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Trade tensions

US ban on ZTE threatens to rattle smartphone supply chain

Chinese company's production nearly grinds to a halt as US parts supply dries up

A worker assembles telecommunications equipment at a ZTE plant in Shenzhen. ZTE has all but halted production after losing access to vital U.S.-made parts. (Photo by Yu Nakamura)

BEIJING -- The U.S. government's move last week to bar ZTE from buying American technology looks set to not only cripple the Chinese smartphone maker, but reverberate through the global telecommunications supply chain as well.

"We're blocked from calling or exchanging technology with [American] business partners like Qualcomm, Intel and Broadcom," a ZTE insider said with a hint of resignation. Chinese media have reported that even though the company's parts inventories should last another month, production has already slowed to a near standstill.

The ban stems from a March 2017 settlement between ZTE and the U.S. Commerce Department. The company was found to have violated U.S. sanctions between 2010 and 2016 by shipping telecommunications equipment to Iran and North Korea and hiding the transactions through such means as shell companies.

ZTE acknowledged the wrongdoing and agreed to $1.19 billion in fines and a suspended denial of export privileges. But it continued to make false statements during the probationary period, prompting the department to impose the seven-year ban.

Some in Beijing see the move as an attack on a prominent player in China's government-backed smartphone and telecom industry. ZTE is a publicly listed state-owned enterprise.

The company has expanded its foothold in the global smartphone market, ranking ninth last year with around 43 million handsets shipped. About 70% of these were exported, with about half of all shipments going to the U.S. ZTE is believed to hold roughly 12% of the American market, putting it in fourth place.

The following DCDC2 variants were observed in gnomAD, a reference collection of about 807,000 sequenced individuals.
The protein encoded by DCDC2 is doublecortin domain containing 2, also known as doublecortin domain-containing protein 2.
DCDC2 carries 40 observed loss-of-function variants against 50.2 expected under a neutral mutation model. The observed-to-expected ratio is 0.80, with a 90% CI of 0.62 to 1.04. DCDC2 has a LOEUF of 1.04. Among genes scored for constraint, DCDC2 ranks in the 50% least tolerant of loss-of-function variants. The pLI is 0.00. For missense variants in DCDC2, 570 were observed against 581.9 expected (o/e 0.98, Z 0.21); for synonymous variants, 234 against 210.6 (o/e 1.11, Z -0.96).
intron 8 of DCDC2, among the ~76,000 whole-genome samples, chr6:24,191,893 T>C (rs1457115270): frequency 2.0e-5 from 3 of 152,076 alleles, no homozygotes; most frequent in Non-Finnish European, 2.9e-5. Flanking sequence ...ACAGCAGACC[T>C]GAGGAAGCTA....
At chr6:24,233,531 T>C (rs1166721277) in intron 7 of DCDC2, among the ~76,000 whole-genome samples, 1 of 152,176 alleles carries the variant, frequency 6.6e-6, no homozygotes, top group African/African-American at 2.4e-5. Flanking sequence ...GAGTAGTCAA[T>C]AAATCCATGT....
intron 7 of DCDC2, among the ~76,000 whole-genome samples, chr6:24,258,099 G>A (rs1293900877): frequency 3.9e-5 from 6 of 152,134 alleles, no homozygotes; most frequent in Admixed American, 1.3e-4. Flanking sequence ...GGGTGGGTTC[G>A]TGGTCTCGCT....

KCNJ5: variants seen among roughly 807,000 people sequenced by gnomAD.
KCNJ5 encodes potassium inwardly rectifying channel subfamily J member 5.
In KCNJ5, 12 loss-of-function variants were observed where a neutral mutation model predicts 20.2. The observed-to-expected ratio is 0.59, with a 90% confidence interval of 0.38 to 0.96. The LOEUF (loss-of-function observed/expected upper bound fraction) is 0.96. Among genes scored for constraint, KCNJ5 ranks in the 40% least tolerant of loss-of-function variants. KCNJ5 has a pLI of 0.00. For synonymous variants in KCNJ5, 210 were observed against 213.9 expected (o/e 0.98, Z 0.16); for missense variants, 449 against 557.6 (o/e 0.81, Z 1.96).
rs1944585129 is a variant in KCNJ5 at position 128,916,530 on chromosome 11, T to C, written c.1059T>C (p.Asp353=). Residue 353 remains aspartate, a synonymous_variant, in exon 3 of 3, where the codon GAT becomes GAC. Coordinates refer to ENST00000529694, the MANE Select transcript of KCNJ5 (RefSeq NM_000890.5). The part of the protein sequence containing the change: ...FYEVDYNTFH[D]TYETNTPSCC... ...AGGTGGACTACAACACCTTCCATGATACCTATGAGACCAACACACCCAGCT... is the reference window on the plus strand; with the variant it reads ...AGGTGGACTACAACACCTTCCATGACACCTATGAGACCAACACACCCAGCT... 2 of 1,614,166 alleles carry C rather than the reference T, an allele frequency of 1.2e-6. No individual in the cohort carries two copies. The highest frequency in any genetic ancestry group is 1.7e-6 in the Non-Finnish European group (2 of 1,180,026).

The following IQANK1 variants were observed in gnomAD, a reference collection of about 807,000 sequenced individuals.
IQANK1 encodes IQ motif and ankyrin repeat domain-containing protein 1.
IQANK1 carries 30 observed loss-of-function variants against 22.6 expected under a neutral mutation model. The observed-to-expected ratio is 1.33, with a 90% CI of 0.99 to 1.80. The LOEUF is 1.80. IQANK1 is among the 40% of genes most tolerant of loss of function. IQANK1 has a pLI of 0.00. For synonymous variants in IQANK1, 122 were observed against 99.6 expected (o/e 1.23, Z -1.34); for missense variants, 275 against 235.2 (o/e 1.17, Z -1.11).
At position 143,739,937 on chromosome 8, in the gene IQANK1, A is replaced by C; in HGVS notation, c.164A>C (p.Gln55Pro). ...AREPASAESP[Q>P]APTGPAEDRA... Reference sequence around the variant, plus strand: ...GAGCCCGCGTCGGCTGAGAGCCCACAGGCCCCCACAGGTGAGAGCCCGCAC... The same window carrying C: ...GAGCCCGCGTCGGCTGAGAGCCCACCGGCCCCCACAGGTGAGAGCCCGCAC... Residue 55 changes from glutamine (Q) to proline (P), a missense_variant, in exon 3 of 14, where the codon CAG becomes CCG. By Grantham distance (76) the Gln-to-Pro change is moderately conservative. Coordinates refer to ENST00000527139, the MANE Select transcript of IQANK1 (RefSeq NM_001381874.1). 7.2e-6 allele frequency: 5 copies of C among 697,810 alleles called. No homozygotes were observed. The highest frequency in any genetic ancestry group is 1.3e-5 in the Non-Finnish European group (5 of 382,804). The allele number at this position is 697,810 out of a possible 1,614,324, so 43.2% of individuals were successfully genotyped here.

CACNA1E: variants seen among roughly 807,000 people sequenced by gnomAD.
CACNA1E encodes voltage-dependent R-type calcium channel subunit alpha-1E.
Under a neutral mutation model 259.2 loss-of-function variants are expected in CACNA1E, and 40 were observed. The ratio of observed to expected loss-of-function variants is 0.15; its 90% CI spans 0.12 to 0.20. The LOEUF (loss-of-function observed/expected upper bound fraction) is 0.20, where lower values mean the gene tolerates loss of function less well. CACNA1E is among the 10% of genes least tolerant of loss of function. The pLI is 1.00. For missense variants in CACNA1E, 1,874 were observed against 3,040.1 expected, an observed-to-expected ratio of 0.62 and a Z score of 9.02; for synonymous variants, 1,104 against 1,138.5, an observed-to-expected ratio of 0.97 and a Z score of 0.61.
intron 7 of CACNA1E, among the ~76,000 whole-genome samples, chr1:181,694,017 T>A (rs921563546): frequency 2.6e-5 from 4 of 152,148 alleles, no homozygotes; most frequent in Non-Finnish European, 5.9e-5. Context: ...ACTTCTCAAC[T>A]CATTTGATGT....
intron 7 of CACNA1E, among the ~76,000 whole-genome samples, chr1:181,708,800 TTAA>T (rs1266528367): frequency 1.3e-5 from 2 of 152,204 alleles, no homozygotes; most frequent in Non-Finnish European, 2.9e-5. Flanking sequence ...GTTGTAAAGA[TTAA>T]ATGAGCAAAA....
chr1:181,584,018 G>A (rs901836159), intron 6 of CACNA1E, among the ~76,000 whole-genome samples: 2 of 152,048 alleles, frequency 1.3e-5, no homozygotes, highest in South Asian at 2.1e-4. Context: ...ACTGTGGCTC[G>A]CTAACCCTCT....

The Axon7 and other smartphones from ZTE contain components supplied by U.S. companies, including processors from Intel and Qualcomm.   © Reuters

The ban's devastating impact owes to ZTE's reliance on U.S. partners for crucial technology. American businesses supply roughly 30% of the parts in ZTE smartphones, and the Chinese company sources the bulk of its processors from American chipmakers such as Intel and Qualcomm.

Software is another issue. The vast majority of smartphones run one of two operating systems: Apple's proprietary iOS or Google's Android. ZTE handsets use the latter, but the seven-year ban threatens to cut off access to the operating system.

The restrictions are also likely to throw a wrench in ZTE's plans for fifth-generation wireless technology, anticipated to be a growth driver. The company had just announced in late February partnerships in this area with Intel and Qualcomm.

The trade tensions between Washington and Beijing are poised to hit Huawei Technologies, China's largest telecom equipment maker, as well. The U.S. Federal Communications Commission said April 17 it plans to bar the use of money from its Universal Service Fund for purchasing gear from companies that pose a security threat. The fund subsidizes telecom service to underserved areas.

The measure seems aimed at Huawei and ZTE, amid concerns among some in Washington that the Chinese government may use their equipment to spy on Americans. The two companies are perceived to have particularly close ties to the ruling Communist Party. U.S. lawmakers raised the alarm about Huawei and ZTE back in 2012, calling for both to be barred from doing business with the government.

The impact of the ZTE ban will likely extend beyond China's borders. ZTE and Huawei are major buyers of Qualcomm and Intel chips. A prolonged trade spat would harm those American businesses as well.

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